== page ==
Mountain Lion Review: What Happened To Apple's Innovation?

Mac OSX Lion seemed unpolished, and, worse, not innovative. When Mountain Lion dropped a couple weeks ago, we were pumped: It was a relatively rapid update, and we hoped it would address our concerns. Hrmph.

Giz Au Editor's Note: This is a review of the developer's preview; as such it would be unfair to complain about features with bugs, as those could be ironed out in the full release. What's been examined are features that are coming in the full release of Mountain Lion and are unlikely to significantly change between now and when it's released.

I've been using Mountain Lion for more than a week now, and I got the same feeling I got from Lion: Scott Forstall — Apple's own Doctor Moreau — is still pushing for an ungodly desktop/iPad hybrid. This is not the future; it's a patched up genetic experiment anchored in Apple's past and present successes.

For all of Mountain Lion's good new features — and there are a few — the new OS raises a terrifying brace of thoughts: that Apple has run out of ideas. Or worse, that Apple is too afraid to implement new concepts, fearing it will kill the company's golden goose. Too afraid to change the world once again, as Steve Jobs used to say, one desktop at a time.

Mountain Lion has the same Finder and the same app-centred approach as its king-of-the-jungle forbear: more of the same gimmicky interfaces full of leather and ripped out pages; more outdated graphic metaphors and unnecessarily cute eye candy. And yes, it has a few good new features, which are useful and welcome, but nothing amazing or innovative. And some of these new good features also have dark sides.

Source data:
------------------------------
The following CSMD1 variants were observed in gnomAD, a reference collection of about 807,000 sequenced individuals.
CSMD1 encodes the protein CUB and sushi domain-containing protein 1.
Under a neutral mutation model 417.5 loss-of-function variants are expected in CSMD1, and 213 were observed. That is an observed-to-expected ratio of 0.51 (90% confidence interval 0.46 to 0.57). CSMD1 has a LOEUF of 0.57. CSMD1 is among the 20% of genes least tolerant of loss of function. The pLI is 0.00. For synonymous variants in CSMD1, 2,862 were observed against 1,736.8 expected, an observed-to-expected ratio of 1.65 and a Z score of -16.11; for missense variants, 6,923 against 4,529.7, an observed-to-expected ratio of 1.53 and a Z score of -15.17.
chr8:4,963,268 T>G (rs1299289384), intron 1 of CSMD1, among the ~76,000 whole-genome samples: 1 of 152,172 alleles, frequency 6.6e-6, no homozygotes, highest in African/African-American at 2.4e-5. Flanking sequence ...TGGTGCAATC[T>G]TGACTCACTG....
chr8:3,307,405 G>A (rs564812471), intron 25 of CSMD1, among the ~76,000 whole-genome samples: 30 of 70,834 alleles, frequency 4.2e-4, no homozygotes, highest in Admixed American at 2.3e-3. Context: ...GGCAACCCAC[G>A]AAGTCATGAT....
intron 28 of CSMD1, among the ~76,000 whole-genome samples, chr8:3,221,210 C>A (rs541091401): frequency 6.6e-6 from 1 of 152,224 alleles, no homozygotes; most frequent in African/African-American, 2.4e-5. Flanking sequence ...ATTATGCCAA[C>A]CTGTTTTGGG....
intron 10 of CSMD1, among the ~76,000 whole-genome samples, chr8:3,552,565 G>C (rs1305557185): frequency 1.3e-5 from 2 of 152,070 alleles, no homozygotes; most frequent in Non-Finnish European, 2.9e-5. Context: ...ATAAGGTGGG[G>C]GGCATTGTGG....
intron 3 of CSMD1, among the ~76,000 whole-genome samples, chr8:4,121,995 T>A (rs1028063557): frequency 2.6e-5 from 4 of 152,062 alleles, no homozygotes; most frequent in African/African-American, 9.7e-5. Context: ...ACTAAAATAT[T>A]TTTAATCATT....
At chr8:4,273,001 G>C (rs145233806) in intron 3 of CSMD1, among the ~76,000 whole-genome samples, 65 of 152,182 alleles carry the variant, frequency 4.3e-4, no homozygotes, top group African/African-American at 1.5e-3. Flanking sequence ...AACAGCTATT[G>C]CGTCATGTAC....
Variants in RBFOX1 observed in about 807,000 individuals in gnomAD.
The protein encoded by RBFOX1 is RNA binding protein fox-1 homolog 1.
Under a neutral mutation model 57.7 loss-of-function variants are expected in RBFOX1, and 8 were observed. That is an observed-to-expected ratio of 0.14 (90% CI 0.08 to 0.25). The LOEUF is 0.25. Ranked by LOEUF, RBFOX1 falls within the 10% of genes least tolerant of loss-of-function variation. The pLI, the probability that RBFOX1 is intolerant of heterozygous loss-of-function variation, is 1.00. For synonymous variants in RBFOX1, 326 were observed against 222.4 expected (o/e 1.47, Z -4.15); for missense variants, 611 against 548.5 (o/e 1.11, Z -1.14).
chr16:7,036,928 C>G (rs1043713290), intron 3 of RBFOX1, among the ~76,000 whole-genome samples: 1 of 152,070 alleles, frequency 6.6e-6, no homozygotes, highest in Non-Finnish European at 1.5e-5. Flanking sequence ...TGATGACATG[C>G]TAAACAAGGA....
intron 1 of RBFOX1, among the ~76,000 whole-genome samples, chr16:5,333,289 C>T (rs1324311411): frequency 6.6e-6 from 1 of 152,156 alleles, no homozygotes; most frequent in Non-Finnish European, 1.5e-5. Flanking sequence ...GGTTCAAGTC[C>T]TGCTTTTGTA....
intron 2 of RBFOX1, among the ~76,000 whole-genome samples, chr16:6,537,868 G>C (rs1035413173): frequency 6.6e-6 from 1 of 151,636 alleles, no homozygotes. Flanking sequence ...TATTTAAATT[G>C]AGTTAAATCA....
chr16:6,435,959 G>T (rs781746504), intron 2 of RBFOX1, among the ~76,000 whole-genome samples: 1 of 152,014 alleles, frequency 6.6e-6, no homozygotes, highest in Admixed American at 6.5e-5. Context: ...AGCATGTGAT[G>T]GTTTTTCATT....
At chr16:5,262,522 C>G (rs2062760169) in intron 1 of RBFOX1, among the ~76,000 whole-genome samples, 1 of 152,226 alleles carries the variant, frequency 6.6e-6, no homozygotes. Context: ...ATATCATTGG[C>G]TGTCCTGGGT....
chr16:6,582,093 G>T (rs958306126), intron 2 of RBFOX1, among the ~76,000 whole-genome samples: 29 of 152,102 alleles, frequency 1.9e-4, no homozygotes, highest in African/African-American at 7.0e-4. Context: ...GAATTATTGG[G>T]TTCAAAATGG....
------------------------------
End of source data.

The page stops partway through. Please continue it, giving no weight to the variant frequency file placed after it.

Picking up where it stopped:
Good new features — loaded with venom

My favourite thing about Mountain Lion is Notifications, a live-updated panel that hides on the right side of your screen. If you have an iPhone or iPad with iOS 5, you know how it works: When a new email, Twitter DM or any other alert comes in, a notification briefly blips onto your screen. After a moment it disappears and gets stored in the Notifications panel. To see the panel, just slide two fingers from the right edge of your trackpad over to the left or click on the little icon that sits in the top right corner of your screen, the latest addition to the endless row of icons in OS X menu bar. (I still remember Steve Jobs commenting on how much he hated this endless icon row back in the Mac OS 8 days — how long until those icons overrun the actual menu items?)